October 11, 2012
I hate instant analysis. It’s impossible to write about history while you’re still sitting on your bar stool dribbling Jameson’s down your belly. That’s why I waited more than a week to share my thoughts about the debate defeat of Barack Obama at the hands of the brilliant, charming, wiley Mitt Romney. And good for me, because the polling momentum is now swinging back to Obama and Joe Biden reset the table for next week’s Town Hall confrontation. Meanwhile, the Debate #1 narrative reads like a shaggy dog story. At the end of it, the Earl of Southwick looks down at the errant canine and responds: “It is true that I lost a large dog, a dog who was very shaggy. But he wasn’t that large, and he certainly wasn’t that shaggy.”
There’s no question the President lost the first debate by failing to mention the 47%, or his/our gain of more than a million jobs, or how he personally beheaded Osama Bin Ladin. My own guess is that he and Michelle celebrated their anniversary by getting into a quart of Ben and Jerry’s on Air Force One on the way out to Denver, and he came down with brain freeze. Whatever, there’s no doubt he was flat, disengaged, even AWOL — seventy million people showed up and he didn’t.
As Dick Cheney would say, “So?”
The bigger question is how did it change things. The answer is, not much. Romney still has to turn around all the battleground states and then carry Pennsylvania, Michigan and Wisconsin to win an Electoral College majority. That’s not likely to happen.
Last week a morning-after national poll showed a significant shift among likely voters, and the media went into full scavenger circle. Game changer. Romney romps to lead. A week later, they look more like a swarm of gnats picking away at an empty fruit basket. The race is still right where it was: tight, but still advantage Obama.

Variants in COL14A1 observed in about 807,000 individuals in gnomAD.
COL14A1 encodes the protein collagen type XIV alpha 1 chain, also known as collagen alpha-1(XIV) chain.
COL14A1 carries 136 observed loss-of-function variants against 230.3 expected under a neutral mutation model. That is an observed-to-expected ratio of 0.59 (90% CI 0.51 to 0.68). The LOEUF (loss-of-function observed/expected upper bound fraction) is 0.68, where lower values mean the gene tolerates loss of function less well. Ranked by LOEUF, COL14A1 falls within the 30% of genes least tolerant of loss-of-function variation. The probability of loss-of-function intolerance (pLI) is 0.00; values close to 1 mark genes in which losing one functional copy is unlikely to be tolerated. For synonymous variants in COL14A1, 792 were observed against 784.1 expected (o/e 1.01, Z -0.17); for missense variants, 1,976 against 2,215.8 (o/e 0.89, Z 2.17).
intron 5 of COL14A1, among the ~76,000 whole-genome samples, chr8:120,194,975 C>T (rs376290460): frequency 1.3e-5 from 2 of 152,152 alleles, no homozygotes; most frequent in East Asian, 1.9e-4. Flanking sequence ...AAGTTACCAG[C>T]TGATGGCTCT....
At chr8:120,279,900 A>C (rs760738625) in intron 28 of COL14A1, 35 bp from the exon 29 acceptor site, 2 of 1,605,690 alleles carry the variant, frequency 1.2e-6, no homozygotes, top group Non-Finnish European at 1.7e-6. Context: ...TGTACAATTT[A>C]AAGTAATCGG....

Don’t get me wrong. Obama can still blow it. More than anything, his first debate performance was a downer for the tens of thousands of union, student, minority and women volunteers out there trying to churn out the vote for a candidate who exudes diffidence that flirts with disdain. Lose another debate, call Michelle “sweetie” again, refuse to establish eye contact one more time and who knows what could happen. Of course, that would mean millions of voters switching sides and embracing a pathological liar whose soul as greasy as his hair. That’s hard to imagine.
A note from a respected reader:
Write a blog sometime about the fact that there should be a category of persons identified as NASPS ( Not a Serious Person). It would include Newt Gingrich, Darrel Issa (thank you for remembering his criminal record … his brother was indicted for arson for allegedly burning down his own business), Dick Morris, Tucker Carlson, Christine O’Donnell, and Bristol Palin, whose only claims to fame are that she is an unwed mother, appeared on a “losers” TV show and wrote memoir based on what? And while I’m at it, I’m tired, tired, tired of Rudy Giuliani, Donald Trump, Arrianna Huffington, Michelle Bachman, Sheriff What’s His Name from Arizona, Joe Paterno (oops, he’s dead, and not a moment too soon), Lindsay Lohan, Arnold the Terminator, Garth Newsome and Tebow the praying quarterback.
I guess my point is that people who shouldn’t matter are constantly being asked to “comment.” Some of them, maybe most, push themselves forward. There ought to be a “smell test” of some kind. And a “sell by” date. Perfect example, Bay Buchanan. When did she ever matter? She’s recently emerged as a Romney campaign spokesperson. And Bob Schieffer can’t seem to let John McCain go gently into the night. Oh, I forgot a name: McCain’s loathsome daughter, Meghan. Jeez, she’s written not one, but two books. Gotta be self-published, right?